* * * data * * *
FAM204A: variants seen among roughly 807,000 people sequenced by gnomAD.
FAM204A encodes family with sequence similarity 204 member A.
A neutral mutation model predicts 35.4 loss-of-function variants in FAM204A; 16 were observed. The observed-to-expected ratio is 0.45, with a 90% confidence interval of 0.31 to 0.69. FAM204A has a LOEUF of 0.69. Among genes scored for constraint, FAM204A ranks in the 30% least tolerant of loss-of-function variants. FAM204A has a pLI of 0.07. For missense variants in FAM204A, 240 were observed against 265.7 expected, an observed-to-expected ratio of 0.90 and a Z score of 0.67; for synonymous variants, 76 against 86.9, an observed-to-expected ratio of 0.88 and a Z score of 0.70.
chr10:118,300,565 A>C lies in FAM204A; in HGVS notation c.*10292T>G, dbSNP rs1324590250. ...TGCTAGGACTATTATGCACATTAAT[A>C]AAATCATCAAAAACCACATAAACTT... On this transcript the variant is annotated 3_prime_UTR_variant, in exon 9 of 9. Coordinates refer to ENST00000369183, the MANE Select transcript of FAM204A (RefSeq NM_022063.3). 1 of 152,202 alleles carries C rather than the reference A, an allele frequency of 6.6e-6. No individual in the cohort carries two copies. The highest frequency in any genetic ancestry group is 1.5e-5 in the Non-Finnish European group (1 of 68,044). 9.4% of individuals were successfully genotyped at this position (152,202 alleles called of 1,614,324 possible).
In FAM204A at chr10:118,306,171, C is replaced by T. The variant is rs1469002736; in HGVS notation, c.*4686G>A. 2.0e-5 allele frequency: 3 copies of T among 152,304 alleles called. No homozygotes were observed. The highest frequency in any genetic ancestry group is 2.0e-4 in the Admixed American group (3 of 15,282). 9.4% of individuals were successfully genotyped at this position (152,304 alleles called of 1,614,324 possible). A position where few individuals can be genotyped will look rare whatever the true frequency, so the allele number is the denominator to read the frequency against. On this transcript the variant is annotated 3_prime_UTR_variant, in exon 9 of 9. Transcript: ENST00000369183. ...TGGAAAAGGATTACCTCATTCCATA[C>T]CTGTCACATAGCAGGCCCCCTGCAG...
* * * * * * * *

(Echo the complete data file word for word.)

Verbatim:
FAM204A: variants seen among roughly 807,000 people sequenced by gnomAD.
FAM204A encodes family with sequence similarity 204 member A.
A neutral mutation model predicts 35.4 loss-of-function variants in FAM204A; 16 were observed. The observed-to-expected ratio is 0.45, with a 90% confidence interval of 0.31 to 0.69. FAM204A has a LOEUF of 0.69. Among genes scored for constraint, FAM204A ranks in the 30% least tolerant of loss-of-function variants. FAM204A has a pLI of 0.07. For missense variants in FAM204A, 240 were observed against 265.7 expected, an observed-to-expected ratio of 0.90 and a Z score of 0.67; for synonymous variants, 76 against 86.9, an observed-to-expected ratio of 0.88 and a Z score of 0.70.
chr10:118,300,565 A>C lies in FAM204A; in HGVS notation c.*10292T>G, dbSNP rs1324590250. ...TGCTAGGACTATTATGCACATTAAT[A>C]AAATCATCAAAAACCACATAAACTT... On this transcript the variant is annotated 3_prime_UTR_variant, in exon 9 of 9. Coordinates refer to ENST00000369183, the MANE Select transcript of FAM204A (RefSeq NM_022063.3). 1 of 152,202 alleles carries C rather than the reference A, an allele frequency of 6.6e-6. No individual in the cohort carries two copies. The highest frequency in any genetic ancestry group is 1.5e-5 in the Non-Finnish European group (1 of 68,044). 9.4% of individuals were successfully genotyped at this position (152,202 alleles called of 1,614,324 possible).
In FAM204A at chr10:118,306,171, C is replaced by T. The variant is rs1469002736; in HGVS notation, c.*4686G>A. 2.0e-5 allele frequency: 3 copies of T among 152,304 alleles called. No homozygotes were observed. The highest frequency in any genetic ancestry group is 2.0e-4 in the Admixed American group (3 of 15,282). 9.4% of individuals were successfully genotyped at this position (152,304 alleles called of 1,614,324 possible). A position where few individuals can be genotyped will look rare whatever the true frequency, so the allele number is the denominator to read the frequency against. On this transcript the variant is annotated 3_prime_UTR_variant, in exon 9 of 9. Transcript: ENST00000369183. ...TGGAAAAGGATTACCTCATTCCATA[C>T]CTGTCACATAGCAGGCCCCCTGCAG...